(Photo: Frank Reelick)

Jamie Dwyer has been named the FIH Player of the Year five times, firstly in 2004 and again 2007, 2009, 2010 and 2011. He also has a full complement of gold medals – winning Olympic gold in 2004 and the World Cup in 2010, along with a host of Champions Trophy gold medals and Commonwealth titles – but today's final will be extra special for the 35-year-old because among the 15,000 spectators will be two very special fans – his young son Julian and wife Leoni. "It means the world to me that my family are here to watch me play," said Dwyer.

Jamie himself played lots of sports during his childhood, excelling in both hockey and cricket. By the age of 15 he had to make a choice. He was offered a cricket scholarship which would have meant a move to Brisbane from his home in Queensland. And while he loved cricket, it was the Olympics that the young Dwyer dreamt of – an opportunity cricket could never have offered. Besides that he liked the game of hockey better because of the speed and energy involved.

After Jamie finished school at 17 he moved down to Brisbane to pursue his Olympic dream. He made the Queensland Blades hockey team and from there was selected into the Hockey AIS (Australian Institute of Sports) in Perth in 1999. He was selected for the national team in 2001, and has worn the number one jersey ever since.

In 2004 FIH put its official seal on Dwyer’s skill and bullish style of play, voting him Player of the Year. This was the first of five Player of the Year titles, he won the prestigious prize again in 2007, 2009, 2010 and 2011 cementing his status as Australia’s best ever hockey product.

In a country that reveres its sports stars, Dwyer has largely remained under the radar. In fact, it is on the world stage, rather than in his home country that Jamie receives most recognition. It is not unusual for him to be stopped in the street in the Netherlands and asked for his autograph, and it is a similar situation in Spain and India - where Jamie starred in the Hockey India League, playing for the Punjab Warriors.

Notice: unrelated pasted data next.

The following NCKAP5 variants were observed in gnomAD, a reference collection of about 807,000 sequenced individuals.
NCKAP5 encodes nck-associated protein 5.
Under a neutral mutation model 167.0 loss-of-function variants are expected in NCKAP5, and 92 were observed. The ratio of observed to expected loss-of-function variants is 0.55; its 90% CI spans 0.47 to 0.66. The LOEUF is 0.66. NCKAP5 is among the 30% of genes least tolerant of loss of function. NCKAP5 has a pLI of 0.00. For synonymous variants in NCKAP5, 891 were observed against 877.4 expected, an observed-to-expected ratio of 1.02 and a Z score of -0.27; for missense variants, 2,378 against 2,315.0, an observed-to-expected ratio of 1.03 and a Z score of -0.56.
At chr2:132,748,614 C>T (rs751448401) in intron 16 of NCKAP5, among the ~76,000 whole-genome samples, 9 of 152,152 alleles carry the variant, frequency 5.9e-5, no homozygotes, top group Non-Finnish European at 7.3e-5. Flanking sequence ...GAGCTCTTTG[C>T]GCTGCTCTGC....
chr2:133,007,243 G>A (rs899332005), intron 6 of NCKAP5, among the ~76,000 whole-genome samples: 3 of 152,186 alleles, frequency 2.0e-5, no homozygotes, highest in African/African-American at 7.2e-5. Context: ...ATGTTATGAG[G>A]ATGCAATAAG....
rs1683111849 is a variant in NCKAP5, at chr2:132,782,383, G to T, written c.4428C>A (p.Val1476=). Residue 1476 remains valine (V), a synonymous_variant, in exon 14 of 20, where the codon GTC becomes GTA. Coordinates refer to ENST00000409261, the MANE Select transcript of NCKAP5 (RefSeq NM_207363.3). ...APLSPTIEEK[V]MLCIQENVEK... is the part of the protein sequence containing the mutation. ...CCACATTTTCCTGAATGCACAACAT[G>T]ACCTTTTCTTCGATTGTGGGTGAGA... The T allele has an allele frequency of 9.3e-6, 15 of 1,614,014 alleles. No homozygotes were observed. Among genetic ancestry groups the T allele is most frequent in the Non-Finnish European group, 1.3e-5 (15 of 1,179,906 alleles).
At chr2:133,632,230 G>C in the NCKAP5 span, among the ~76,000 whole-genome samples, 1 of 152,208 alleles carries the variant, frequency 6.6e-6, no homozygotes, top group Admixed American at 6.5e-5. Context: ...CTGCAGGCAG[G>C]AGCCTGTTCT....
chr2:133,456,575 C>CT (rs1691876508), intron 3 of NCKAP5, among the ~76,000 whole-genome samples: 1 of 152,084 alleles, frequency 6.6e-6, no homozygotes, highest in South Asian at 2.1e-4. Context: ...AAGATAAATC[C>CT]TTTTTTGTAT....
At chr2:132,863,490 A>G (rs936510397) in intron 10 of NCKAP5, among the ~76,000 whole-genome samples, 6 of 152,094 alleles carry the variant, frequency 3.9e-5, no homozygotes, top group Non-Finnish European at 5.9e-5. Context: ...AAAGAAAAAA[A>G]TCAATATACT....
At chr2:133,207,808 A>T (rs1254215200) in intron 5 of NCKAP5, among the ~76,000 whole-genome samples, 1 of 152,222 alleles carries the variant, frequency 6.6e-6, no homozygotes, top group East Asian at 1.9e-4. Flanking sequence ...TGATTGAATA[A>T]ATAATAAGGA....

Jamie has learned a lot from playing overseas in the Netherlands, Spain and India. Over time he has learned to adapt to the different styles of hockey that are played throughout the world. The way the Dutch play is different to the Australians, and the Spanish play differently again. The willingness to adapt and learn has been integral to Jamie's success in the game, although the striker is the first to admit that adapting to different styles of play has not always been easy. 

In a career spanning 13 years there have been many highlights. In 2004 Jamie’s childhood dream finally came true when he scored the winning goal in the gold medal match, securing the Kookaburras first ever Olympic Gold medal in men's hockey, beating the Netherlands in the final. In 2010 Dwyer completed his medal cabinet by winning the World Cup in India. But no matter what medals and glory have preceded today, winning gold in front of his family and on coach Ric Charlesworth's final World Cup appearance will probably top every previous moment of sporting glory the Australian has enjoyed.

At 35, Jamie is one of the old guard in the Kookaburra team, but with all the Australian side there is a buzz, energy and momentum that has fizzed through all their performances. Another veteran of the 2010 World Cup, Eddie Ockenden summed up the team's attitude: "This means everything to us," midfielder Eddie Ockenden, "It's why we train so much and work so hard together. To get the chance to win another World Cup. Finals don't come around that often. You're lucky if you can go to one. You're super lucky if you can get to another.


And for young Julian, if Dad gets to lift the Hockey World Cup in The Hague this afternoon, it will be a memory that will stay with him forever.